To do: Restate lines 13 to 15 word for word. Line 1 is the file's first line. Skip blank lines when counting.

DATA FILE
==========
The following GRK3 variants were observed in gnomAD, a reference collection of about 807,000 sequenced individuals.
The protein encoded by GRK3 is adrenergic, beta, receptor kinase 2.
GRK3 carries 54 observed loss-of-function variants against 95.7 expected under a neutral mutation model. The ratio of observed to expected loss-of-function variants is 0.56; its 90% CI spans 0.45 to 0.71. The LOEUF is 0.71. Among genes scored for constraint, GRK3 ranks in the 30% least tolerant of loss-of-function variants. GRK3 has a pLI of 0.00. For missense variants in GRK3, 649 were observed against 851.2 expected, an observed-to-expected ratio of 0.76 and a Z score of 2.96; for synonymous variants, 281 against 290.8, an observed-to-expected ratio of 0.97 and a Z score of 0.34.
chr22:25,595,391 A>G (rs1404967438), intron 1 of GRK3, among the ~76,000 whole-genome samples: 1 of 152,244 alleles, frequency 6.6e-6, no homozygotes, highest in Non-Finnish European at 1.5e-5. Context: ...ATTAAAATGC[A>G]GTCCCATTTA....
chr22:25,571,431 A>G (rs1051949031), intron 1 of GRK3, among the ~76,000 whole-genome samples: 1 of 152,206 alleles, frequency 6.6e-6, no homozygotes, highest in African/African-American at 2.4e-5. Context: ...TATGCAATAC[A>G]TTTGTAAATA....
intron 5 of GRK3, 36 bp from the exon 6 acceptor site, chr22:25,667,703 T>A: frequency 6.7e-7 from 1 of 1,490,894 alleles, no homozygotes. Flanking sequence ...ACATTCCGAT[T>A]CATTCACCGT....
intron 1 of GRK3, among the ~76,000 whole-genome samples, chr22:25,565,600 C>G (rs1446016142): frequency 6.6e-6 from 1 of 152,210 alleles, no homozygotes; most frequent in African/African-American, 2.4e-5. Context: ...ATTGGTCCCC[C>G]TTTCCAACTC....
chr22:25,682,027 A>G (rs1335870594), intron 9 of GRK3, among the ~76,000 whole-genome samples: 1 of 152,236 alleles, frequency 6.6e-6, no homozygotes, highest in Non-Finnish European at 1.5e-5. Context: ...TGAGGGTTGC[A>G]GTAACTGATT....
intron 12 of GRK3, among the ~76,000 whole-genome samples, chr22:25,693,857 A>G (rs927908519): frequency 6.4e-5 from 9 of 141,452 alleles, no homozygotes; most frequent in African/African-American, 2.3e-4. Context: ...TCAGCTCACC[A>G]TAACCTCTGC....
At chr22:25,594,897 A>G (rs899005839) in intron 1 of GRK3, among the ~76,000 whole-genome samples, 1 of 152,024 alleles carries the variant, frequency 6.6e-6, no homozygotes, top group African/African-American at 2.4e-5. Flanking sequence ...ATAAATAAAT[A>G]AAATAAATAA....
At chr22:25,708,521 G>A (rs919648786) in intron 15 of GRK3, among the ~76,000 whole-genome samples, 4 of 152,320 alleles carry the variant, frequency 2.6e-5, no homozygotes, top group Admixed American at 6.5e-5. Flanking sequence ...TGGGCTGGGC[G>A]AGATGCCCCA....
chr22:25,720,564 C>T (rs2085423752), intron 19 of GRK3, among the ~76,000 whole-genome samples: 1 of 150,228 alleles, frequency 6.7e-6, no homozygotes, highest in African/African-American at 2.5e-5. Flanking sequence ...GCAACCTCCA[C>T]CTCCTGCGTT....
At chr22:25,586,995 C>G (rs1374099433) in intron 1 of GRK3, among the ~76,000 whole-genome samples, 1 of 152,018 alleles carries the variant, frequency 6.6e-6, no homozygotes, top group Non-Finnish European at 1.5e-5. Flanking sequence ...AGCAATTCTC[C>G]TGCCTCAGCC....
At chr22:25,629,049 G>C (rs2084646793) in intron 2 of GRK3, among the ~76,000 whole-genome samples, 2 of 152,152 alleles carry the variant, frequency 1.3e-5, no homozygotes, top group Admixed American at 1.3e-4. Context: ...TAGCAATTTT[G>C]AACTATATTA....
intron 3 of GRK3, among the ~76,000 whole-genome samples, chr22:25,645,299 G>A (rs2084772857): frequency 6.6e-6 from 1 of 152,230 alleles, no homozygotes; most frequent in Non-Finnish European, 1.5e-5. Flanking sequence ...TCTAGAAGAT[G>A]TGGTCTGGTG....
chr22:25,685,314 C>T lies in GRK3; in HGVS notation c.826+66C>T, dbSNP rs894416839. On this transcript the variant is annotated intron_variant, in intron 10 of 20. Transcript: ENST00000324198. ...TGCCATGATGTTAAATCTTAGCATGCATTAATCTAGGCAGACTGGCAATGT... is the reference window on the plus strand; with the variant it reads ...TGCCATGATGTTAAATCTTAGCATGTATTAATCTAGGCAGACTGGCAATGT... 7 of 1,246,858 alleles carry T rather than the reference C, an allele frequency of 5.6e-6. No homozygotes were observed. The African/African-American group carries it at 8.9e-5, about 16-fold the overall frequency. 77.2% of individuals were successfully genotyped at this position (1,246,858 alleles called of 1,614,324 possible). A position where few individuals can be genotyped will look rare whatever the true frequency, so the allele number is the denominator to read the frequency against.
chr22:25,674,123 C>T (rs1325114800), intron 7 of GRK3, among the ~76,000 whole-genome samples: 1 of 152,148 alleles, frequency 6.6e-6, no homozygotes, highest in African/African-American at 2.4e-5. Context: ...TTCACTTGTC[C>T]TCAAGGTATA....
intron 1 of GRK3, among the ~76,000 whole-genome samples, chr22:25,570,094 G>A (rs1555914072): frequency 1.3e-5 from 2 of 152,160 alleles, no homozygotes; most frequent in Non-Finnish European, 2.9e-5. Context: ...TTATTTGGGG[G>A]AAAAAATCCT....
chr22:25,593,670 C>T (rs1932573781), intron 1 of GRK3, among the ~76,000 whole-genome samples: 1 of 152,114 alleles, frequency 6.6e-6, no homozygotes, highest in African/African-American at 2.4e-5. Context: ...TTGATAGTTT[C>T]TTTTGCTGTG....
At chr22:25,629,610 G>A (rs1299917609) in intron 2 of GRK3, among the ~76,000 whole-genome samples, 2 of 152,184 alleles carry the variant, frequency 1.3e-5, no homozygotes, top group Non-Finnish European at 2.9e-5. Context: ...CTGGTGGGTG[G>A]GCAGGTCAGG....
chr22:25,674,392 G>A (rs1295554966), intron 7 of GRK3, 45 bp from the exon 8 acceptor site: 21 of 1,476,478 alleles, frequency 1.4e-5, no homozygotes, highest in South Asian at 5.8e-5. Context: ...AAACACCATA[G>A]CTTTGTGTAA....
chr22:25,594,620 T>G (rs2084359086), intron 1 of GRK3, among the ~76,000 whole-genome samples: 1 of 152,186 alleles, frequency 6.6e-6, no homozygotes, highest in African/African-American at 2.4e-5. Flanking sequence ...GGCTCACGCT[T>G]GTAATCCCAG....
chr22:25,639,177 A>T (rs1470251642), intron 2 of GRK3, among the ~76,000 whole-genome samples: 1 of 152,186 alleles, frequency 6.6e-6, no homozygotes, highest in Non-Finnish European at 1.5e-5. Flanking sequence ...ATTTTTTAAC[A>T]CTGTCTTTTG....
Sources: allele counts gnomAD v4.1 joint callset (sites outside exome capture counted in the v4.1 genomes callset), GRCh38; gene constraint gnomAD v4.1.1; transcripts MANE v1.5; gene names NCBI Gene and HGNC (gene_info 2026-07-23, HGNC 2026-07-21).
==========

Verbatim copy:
At chr22:25,586,995 C>G (rs1374099433) in intron 1 of GRK3, among the ~76,000 whole-genome samples, 1 of 152,018 alleles carries the variant, frequency 6.6e-6, no homozygotes, top group Non-Finnish European at 1.5e-5. Flanking sequence ...AGCAATTCTC[C>G]TGCCTCAGCC....
At chr22:25,629,049 G>C (rs2084646793) in intron 2 of GRK3, among the ~76,000 whole-genome samples, 2 of 152,152 alleles carry the variant, frequency 1.3e-5, no homozygotes, top group Admixed American at 1.3e-4. Context: ...TAGCAATTTT[G>C]AACTATATTA....
intron 3 of GRK3, among the ~76,000 whole-genome samples, chr22:25,645,299 G>A (rs2084772857): frequency 6.6e-6 from 1 of 152,230 alleles, no homozygotes; most frequent in Non-Finnish European, 1.5e-5. Flanking sequence ...TCTAGAAGAT[G>A]TGGTCTGGTG....